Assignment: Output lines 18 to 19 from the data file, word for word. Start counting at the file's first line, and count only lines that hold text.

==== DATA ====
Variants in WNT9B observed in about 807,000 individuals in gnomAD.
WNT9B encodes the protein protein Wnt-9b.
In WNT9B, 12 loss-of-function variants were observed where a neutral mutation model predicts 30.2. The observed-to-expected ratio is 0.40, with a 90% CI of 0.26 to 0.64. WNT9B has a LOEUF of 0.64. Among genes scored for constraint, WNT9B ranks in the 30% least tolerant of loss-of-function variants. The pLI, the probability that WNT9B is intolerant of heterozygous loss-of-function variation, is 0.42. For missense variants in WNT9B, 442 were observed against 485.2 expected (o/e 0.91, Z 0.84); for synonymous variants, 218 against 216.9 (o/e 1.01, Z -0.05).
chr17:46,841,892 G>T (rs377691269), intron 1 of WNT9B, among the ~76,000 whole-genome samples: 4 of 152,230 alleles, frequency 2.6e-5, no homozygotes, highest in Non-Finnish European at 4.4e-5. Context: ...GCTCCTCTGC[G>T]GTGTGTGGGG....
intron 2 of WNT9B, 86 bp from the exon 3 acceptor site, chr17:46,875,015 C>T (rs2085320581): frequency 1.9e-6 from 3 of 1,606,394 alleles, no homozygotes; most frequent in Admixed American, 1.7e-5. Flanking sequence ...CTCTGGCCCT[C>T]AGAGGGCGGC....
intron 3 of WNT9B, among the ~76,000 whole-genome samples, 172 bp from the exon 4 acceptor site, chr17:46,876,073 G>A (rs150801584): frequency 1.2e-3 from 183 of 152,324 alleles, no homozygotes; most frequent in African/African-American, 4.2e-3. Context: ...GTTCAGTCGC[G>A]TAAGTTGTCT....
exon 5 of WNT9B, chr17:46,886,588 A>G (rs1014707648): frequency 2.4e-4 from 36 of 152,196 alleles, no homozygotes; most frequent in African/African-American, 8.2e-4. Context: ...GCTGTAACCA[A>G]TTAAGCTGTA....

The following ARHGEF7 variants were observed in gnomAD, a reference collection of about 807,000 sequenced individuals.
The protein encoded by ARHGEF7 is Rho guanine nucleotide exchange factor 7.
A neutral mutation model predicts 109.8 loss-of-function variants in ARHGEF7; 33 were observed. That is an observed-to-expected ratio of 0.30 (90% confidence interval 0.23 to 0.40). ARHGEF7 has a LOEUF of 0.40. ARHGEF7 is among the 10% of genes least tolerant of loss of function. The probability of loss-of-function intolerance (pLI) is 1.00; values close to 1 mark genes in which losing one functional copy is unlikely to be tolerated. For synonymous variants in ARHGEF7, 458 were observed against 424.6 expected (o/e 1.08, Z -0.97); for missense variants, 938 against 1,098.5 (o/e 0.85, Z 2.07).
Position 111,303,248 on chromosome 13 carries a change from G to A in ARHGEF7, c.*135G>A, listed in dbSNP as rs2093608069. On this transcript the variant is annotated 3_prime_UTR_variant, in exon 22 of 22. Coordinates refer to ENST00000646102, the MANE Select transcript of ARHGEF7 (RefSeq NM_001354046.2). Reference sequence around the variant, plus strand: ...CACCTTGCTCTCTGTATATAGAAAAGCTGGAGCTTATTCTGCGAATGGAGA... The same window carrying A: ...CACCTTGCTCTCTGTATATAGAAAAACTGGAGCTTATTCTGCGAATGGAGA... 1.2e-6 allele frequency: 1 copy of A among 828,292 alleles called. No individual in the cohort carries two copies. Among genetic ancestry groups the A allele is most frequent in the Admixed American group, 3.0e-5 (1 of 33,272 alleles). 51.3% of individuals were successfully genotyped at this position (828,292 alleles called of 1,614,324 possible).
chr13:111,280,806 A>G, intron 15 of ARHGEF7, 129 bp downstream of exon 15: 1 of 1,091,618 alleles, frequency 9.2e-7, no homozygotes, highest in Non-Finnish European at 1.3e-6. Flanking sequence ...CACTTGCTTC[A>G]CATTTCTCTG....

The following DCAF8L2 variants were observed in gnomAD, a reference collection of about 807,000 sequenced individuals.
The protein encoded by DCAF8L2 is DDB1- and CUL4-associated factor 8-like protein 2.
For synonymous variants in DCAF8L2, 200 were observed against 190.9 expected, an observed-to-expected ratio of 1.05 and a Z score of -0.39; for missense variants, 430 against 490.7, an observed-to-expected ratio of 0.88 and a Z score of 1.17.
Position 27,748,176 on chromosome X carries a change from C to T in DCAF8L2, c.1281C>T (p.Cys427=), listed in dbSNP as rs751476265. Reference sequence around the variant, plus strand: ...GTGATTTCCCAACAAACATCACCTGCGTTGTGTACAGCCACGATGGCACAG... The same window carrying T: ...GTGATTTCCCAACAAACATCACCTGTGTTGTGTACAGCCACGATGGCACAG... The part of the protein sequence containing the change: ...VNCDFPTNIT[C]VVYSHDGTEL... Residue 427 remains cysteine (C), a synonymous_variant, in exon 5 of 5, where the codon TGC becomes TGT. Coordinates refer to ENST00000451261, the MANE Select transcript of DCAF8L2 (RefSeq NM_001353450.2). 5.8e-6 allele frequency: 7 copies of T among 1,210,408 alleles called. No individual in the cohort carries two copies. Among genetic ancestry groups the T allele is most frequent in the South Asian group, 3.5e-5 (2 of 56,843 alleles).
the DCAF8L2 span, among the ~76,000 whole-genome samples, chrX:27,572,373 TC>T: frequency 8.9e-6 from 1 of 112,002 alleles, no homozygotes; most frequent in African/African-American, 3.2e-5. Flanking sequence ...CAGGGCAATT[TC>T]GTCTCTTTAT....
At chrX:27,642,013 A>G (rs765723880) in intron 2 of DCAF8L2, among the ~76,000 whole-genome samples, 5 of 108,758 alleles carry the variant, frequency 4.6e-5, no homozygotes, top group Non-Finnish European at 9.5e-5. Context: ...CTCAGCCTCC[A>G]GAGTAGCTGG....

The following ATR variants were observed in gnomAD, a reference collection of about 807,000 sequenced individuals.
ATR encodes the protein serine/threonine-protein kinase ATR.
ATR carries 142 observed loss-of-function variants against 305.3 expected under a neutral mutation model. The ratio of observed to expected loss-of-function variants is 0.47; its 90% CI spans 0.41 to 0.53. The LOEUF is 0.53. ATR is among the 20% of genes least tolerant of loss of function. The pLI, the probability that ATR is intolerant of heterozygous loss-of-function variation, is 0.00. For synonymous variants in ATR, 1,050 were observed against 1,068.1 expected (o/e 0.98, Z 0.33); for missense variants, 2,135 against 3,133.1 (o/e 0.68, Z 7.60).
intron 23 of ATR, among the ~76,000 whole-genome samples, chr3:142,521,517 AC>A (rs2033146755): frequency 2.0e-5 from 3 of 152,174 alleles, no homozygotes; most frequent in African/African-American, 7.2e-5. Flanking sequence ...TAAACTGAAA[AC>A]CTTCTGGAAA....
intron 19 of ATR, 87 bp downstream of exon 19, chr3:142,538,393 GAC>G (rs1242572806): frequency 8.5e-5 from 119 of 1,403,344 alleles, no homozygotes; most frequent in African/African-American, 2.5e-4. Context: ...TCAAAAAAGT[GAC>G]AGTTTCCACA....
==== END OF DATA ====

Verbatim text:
At chrX:27,642,013 A>G (rs765723880) in intron 2 of DCAF8L2, among the ~76,000 whole-genome samples, 5 of 108,758 alleles carry the variant, frequency 4.6e-5, no homozygotes, top group Non-Finnish European at 9.5e-5. Context: ...CTCAGCCTCC[A>G]GAGTAGCTGG....

The following ATR variants were observed in gnomAD, a reference collection of about 807,000 sequenced individuals.